9 Times Emily Post Was Not So Polite
From dumping her husband to sometimes putting her elbows on the table, this etiquette expert made—and sometimes broke—her own rules
She was queen of the road
Imagine driving with Emily Post cross-country for 27 days! That is what her son Edwin did back in 1915. According to History.com, Post, Edwin, and her cousin Alice set out on the almost four-week-long road trip from New York City to the Panama-Pacific Exposition in San Francisco. Post would then go on to write a series of articles for the weekly magazine Collier’s about her journey. Both the topic and the trip itself were unusual for a woman to take on in 1915, particularly a middle-aged, divorced mother of two.
According to Smithsonian Magazine, the articles were later expanded into a book titled By Motor to the Golden Gate, focusing on “whether it was possible to drive across the continent in comfort,” Jane Lancaster wrote in the book’s 2004 introduction. The trip included stops at Niagara Falls and the Grand Canyon and even an overnight stay in the desert, although Lancaster noted that Post “still preferred a luxury hotel.” So it’s only appropriate that later in her etiquette books, Post included some advice on driving as well, such as, “Never take more than your share—whether of the road in driving a car, of chairs on a boat or seats on a train, or food at the table.” Refresh your memory with 11 more driving etiquette rules you’ve forgotten since driver’s ed.
She was the original “nonshock jock”
Another unusual career move for a woman in the late 1920s was being broadcast on the radio, but Emily Post was on the air for eight years with her popular show. According to the Emily Post Institute, even President Franklin D. Roosevelt was flattered when he was told that his fireside chats were as good as Emily Post’s. With the Great Depression going on all around them, Post’s radio broadcasts continued to be in high demand. “An anxious nation wanted reassurance about how to sit at the table,” Newsweek reported. “Even if it had no guarantee of where the food on it would come from.” Make sure you’re not making these 10 table etiquette mistakes.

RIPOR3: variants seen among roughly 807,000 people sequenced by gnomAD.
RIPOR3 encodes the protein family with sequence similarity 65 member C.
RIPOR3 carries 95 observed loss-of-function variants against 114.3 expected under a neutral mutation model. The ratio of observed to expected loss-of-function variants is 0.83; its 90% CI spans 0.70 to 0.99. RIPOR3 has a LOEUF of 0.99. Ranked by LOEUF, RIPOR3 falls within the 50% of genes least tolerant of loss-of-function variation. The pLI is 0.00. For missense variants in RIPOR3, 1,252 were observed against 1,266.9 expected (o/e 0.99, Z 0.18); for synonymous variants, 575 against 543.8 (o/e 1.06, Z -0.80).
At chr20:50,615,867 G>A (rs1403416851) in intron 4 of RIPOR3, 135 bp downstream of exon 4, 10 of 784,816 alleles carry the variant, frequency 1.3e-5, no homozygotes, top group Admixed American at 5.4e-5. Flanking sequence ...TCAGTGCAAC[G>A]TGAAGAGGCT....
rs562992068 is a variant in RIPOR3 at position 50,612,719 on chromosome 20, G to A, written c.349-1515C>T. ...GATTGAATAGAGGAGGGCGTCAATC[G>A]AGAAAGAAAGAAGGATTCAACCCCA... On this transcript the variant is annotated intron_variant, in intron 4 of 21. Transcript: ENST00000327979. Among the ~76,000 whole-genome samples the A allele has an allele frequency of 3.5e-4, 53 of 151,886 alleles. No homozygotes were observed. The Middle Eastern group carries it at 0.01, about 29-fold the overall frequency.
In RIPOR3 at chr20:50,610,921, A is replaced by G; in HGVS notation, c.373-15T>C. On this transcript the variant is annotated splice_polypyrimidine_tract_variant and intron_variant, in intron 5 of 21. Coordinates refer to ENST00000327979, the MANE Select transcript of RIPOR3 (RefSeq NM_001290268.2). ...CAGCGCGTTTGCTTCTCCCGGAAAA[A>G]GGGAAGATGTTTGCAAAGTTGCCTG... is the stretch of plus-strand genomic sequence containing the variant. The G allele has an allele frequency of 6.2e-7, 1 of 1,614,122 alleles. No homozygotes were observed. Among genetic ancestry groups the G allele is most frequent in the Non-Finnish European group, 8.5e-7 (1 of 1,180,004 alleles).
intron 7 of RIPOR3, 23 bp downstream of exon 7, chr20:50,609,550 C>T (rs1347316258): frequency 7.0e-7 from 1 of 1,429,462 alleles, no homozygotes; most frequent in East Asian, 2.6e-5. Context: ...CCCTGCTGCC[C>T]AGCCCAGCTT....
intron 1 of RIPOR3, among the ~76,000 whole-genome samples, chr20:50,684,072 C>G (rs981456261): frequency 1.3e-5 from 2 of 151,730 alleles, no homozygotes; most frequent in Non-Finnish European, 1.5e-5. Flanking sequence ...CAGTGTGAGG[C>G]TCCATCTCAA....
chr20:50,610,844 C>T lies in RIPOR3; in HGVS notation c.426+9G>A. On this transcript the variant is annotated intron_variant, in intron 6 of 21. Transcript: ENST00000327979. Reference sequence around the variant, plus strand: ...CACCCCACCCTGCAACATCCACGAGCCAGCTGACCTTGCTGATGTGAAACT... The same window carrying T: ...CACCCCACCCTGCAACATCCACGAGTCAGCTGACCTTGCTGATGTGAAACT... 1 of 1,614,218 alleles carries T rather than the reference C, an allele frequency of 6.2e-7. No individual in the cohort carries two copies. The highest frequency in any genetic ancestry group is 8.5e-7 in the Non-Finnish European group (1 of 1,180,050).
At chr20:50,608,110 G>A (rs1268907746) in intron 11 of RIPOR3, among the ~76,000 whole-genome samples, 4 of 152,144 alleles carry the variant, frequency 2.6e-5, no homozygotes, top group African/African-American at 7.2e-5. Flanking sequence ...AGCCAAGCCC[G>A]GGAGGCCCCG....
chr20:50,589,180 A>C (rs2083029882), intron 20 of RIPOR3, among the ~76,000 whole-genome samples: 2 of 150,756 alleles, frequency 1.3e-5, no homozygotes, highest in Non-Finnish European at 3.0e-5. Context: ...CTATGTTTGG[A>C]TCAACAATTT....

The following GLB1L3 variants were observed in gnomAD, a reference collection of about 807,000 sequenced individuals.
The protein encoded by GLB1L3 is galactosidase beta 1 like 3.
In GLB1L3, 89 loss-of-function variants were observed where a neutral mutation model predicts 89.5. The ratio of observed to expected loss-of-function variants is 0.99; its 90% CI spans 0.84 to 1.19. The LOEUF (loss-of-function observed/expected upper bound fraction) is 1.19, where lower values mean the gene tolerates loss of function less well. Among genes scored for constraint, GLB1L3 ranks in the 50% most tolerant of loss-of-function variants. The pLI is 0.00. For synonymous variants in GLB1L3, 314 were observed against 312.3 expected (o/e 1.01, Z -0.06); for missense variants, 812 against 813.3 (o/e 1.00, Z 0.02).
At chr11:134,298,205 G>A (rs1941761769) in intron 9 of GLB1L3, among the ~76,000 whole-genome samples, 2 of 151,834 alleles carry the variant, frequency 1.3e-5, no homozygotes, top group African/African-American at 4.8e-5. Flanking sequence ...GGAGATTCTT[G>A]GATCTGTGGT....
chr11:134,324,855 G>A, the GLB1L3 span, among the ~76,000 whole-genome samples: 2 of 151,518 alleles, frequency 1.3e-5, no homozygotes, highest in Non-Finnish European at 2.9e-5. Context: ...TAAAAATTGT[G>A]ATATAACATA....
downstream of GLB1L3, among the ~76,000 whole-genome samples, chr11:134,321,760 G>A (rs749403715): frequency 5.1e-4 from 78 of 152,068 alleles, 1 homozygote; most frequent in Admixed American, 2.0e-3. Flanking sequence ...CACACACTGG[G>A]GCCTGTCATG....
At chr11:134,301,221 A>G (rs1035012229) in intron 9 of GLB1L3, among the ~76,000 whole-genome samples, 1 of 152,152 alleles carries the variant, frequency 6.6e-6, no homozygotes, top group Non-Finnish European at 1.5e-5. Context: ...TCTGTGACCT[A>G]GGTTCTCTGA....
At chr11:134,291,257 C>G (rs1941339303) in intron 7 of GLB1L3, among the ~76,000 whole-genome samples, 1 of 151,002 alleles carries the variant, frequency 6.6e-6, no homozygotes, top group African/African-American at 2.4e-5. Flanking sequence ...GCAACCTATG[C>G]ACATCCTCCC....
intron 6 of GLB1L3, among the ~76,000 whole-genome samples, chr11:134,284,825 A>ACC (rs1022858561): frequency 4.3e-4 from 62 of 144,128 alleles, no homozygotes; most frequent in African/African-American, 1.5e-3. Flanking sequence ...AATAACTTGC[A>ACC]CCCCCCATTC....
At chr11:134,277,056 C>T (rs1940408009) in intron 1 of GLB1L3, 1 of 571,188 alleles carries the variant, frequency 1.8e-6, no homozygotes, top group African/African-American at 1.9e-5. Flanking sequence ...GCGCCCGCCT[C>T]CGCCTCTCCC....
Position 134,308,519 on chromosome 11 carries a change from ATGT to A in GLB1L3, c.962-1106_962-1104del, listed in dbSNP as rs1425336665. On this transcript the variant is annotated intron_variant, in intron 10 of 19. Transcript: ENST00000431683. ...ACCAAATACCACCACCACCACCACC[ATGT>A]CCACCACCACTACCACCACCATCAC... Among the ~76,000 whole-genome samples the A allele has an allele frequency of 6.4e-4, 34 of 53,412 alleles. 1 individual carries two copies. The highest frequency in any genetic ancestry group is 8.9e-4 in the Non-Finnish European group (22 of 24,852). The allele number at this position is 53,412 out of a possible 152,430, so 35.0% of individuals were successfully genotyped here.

She consciously uncoupled
Getting married was definitely the proper thing for a young lady to do back in the 1800s, especially one who had attended finishing school and had her debut into society. It seemed as if Emily was living the dream: She married Edwin Post, a stockbroker; lived in a beautiful home in Tuxedo Park, New York; and gave birth to two sons. But alas, all was not as it appeared. In addition to her husband’s business going belly-up and losing much of Emily’s money in the process, he had a thing for chorus girls.
After a blackmail scandal in which a major newspaper publisher threatened to reveal his sordid affair with a starlet, Emily couldn’t take it anymore, according to Newsweek’s recounting from Laura Claridge’s book Emily Post: Daughter of the Gilded Age, Mistress of American Manners. The whole unfortunate fiasco was an embarrassment to Emily, and she divorced her philandering hubby in 1905, which set the wheels in motion for her own success. Check out these 17 ridiculous dating etiquette rules from the 1950s.